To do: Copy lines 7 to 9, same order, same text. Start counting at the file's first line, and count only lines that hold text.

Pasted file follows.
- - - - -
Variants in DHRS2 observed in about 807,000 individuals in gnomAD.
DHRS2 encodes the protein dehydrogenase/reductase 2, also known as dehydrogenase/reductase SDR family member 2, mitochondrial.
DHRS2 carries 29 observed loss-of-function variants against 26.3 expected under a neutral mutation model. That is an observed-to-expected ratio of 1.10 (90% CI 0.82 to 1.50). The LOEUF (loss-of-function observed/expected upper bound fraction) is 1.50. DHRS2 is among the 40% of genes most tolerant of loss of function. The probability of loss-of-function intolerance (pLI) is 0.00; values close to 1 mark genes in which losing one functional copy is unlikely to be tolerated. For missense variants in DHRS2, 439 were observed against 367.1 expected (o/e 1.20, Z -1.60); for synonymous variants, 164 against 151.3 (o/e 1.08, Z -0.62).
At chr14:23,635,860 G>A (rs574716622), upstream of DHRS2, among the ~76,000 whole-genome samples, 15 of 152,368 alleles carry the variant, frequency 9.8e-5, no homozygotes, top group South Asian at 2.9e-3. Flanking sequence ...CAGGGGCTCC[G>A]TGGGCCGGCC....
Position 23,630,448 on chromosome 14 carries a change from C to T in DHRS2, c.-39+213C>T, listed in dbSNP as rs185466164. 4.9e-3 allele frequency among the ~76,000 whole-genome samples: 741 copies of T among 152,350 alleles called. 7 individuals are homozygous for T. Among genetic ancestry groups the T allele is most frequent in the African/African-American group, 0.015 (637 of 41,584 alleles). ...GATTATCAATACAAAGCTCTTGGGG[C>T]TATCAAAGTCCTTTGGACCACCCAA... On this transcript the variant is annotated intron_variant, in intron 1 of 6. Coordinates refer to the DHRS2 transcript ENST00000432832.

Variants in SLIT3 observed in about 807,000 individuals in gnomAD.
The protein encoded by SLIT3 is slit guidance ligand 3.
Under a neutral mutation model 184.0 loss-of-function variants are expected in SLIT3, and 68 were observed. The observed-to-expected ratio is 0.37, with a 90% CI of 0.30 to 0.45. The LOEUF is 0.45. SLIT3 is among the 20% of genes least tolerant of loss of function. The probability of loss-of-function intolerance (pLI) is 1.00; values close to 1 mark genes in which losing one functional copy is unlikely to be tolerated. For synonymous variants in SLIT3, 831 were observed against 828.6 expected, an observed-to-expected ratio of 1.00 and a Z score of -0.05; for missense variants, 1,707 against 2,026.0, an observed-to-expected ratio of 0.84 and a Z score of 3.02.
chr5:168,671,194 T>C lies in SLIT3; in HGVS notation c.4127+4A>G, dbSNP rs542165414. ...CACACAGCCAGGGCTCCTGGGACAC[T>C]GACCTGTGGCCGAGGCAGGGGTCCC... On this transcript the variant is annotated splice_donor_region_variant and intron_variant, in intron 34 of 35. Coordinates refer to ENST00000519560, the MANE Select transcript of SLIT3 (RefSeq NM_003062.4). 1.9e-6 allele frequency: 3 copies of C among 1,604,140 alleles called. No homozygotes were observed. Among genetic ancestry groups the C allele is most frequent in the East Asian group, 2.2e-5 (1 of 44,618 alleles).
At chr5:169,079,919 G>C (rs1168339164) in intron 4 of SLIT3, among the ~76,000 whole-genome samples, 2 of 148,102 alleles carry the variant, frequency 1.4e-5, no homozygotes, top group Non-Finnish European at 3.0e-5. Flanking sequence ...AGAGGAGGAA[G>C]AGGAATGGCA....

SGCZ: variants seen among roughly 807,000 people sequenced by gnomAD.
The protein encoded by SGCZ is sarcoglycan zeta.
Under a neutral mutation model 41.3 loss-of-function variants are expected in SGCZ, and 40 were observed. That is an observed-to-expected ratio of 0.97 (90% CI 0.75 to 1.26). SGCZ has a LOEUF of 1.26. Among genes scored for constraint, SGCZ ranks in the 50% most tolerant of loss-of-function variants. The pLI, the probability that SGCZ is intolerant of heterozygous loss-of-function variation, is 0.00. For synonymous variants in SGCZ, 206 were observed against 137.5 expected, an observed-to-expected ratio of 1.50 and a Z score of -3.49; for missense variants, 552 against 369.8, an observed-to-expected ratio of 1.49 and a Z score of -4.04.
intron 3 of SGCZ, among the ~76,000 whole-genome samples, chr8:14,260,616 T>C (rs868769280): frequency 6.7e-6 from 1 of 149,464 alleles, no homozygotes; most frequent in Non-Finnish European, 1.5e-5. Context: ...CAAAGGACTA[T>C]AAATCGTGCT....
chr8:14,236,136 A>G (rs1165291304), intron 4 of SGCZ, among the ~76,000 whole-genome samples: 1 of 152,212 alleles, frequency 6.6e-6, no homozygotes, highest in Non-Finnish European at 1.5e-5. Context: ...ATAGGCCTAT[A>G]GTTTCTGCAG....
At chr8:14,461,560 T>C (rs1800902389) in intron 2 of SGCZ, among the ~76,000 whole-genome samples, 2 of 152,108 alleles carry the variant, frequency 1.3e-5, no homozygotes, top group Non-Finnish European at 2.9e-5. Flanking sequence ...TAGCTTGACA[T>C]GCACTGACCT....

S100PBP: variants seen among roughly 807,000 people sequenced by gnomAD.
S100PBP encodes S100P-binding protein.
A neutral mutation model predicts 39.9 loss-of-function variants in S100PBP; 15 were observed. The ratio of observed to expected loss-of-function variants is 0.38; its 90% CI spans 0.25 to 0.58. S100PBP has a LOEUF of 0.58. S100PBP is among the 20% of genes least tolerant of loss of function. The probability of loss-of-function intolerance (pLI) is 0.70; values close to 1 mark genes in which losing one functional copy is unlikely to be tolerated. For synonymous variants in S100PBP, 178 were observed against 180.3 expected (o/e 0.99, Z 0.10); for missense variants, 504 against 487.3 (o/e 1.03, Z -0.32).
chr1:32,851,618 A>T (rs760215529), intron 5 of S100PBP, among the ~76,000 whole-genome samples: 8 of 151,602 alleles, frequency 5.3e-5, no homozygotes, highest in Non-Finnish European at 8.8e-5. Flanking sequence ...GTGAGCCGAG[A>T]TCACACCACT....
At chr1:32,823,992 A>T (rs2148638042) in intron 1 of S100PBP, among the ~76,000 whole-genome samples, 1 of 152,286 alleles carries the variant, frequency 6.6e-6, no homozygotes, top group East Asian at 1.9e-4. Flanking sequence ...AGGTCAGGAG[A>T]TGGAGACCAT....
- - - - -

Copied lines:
The protein encoded by SLIT3 is slit guidance ligand 3.
Under a neutral mutation model 184.0 loss-of-function variants are expected in SLIT3, and 68 were observed. The observed-to-expected ratio is 0.37, with a 90% CI of 0.30 to 0.45. The LOEUF is 0.45. SLIT3 is among the 20% of genes least tolerant of loss of function. The probability of loss-of-function intolerance (pLI) is 1.00; values close to 1 mark genes in which losing one functional copy is unlikely to be tolerated. For synonymous variants in SLIT3, 831 were observed against 828.6 expected, an observed-to-expected ratio of 1.00 and a Z score of -0.05; for missense variants, 1,707 against 2,026.0, an observed-to-expected ratio of 0.84 and a Z score of 3.02.
chr5:168,671,194 T>C lies in SLIT3; in HGVS notation c.4127+4A>G, dbSNP rs542165414. ...CACACAGCCAGGGCTCCTGGGACAC[T>C]GACCTGTGGCCGAGGCAGGGGTCCC... On this transcript the variant is annotated splice_donor_region_variant and intron_variant, in intron 34 of 35. Coordinates refer to ENST00000519560, the MANE Select transcript of SLIT3 (RefSeq NM_003062.4). 1.9e-6 allele frequency: 3 copies of C among 1,604,140 alleles called. No homozygotes were observed. Among genetic ancestry groups the C allele is most frequent in the East Asian group, 2.2e-5 (1 of 44,618 alleles).